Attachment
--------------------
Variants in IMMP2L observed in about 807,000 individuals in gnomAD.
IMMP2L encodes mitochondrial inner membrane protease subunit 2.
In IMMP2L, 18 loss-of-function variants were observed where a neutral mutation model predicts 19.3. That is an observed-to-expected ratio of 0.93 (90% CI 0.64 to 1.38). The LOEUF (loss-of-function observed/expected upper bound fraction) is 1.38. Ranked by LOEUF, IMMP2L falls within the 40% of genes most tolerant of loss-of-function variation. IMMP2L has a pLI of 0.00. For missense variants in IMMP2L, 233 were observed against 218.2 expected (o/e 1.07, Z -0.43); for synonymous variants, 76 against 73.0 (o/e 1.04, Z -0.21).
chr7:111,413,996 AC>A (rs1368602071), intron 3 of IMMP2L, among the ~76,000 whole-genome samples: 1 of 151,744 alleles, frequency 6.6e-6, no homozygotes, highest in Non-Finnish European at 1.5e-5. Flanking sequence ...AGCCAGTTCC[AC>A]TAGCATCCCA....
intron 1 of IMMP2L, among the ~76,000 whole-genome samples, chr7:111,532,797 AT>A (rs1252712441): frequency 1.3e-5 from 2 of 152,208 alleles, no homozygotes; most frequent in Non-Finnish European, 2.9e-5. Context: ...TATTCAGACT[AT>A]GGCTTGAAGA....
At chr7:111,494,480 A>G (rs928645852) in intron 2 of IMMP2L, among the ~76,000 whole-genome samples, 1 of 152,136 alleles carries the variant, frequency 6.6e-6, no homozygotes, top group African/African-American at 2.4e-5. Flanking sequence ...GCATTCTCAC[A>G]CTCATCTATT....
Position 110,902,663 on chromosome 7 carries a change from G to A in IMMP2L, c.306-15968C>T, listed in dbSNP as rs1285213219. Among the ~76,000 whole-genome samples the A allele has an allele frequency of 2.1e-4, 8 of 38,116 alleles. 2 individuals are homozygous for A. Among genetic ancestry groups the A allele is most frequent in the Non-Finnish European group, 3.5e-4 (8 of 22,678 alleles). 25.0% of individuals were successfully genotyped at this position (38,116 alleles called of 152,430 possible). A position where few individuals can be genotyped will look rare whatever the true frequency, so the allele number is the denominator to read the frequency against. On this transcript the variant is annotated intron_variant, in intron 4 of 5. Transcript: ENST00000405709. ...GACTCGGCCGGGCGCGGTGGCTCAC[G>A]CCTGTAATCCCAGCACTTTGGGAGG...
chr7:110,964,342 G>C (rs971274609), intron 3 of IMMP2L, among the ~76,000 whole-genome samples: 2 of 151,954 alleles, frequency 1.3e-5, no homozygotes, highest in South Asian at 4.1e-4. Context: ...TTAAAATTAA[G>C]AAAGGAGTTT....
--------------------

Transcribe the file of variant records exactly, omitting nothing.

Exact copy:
Variants in IMMP2L observed in about 807,000 individuals in gnomAD.
IMMP2L encodes mitochondrial inner membrane protease subunit 2.
In IMMP2L, 18 loss-of-function variants were observed where a neutral mutation model predicts 19.3. That is an observed-to-expected ratio of 0.93 (90% CI 0.64 to 1.38). The LOEUF (loss-of-function observed/expected upper bound fraction) is 1.38. Ranked by LOEUF, IMMP2L falls within the 40% of genes most tolerant of loss-of-function variation. IMMP2L has a pLI of 0.00. For missense variants in IMMP2L, 233 were observed against 218.2 expected (o/e 1.07, Z -0.43); for synonymous variants, 76 against 73.0 (o/e 1.04, Z -0.21).
chr7:111,413,996 AC>A (rs1368602071), intron 3 of IMMP2L, among the ~76,000 whole-genome samples: 1 of 151,744 alleles, frequency 6.6e-6, no homozygotes, highest in Non-Finnish European at 1.5e-5. Flanking sequence ...AGCCAGTTCC[AC>A]TAGCATCCCA....
intron 1 of IMMP2L, among the ~76,000 whole-genome samples, chr7:111,532,797 AT>A (rs1252712441): frequency 1.3e-5 from 2 of 152,208 alleles, no homozygotes; most frequent in Non-Finnish European, 2.9e-5. Context: ...TATTCAGACT[AT>A]GGCTTGAAGA....
At chr7:111,494,480 A>G (rs928645852) in intron 2 of IMMP2L, among the ~76,000 whole-genome samples, 1 of 152,136 alleles carries the variant, frequency 6.6e-6, no homozygotes, top group African/African-American at 2.4e-5. Flanking sequence ...GCATTCTCAC[A>G]CTCATCTATT....
Position 110,902,663 on chromosome 7 carries a change from G to A in IMMP2L, c.306-15968C>T, listed in dbSNP as rs1285213219. Among the ~76,000 whole-genome samples the A allele has an allele frequency of 2.1e-4, 8 of 38,116 alleles. 2 individuals are homozygous for A. Among genetic ancestry groups the A allele is most frequent in the Non-Finnish European group, 3.5e-4 (8 of 22,678 alleles). 25.0% of individuals were successfully genotyped at this position (38,116 alleles called of 152,430 possible). A position where few individuals can be genotyped will look rare whatever the true frequency, so the allele number is the denominator to read the frequency against. On this transcript the variant is annotated intron_variant, in intron 4 of 5. Transcript: ENST00000405709. ...GACTCGGCCGGGCGCGGTGGCTCAC[G>A]CCTGTAATCCCAGCACTTTGGGAGG...
chr7:110,964,342 G>C (rs971274609), intron 3 of IMMP2L, among the ~76,000 whole-genome samples: 2 of 151,954 alleles, frequency 1.3e-5, no homozygotes, highest in South Asian at 4.1e-4. Context: ...TTAAAATTAA[G>C]AAAGGAGTTT....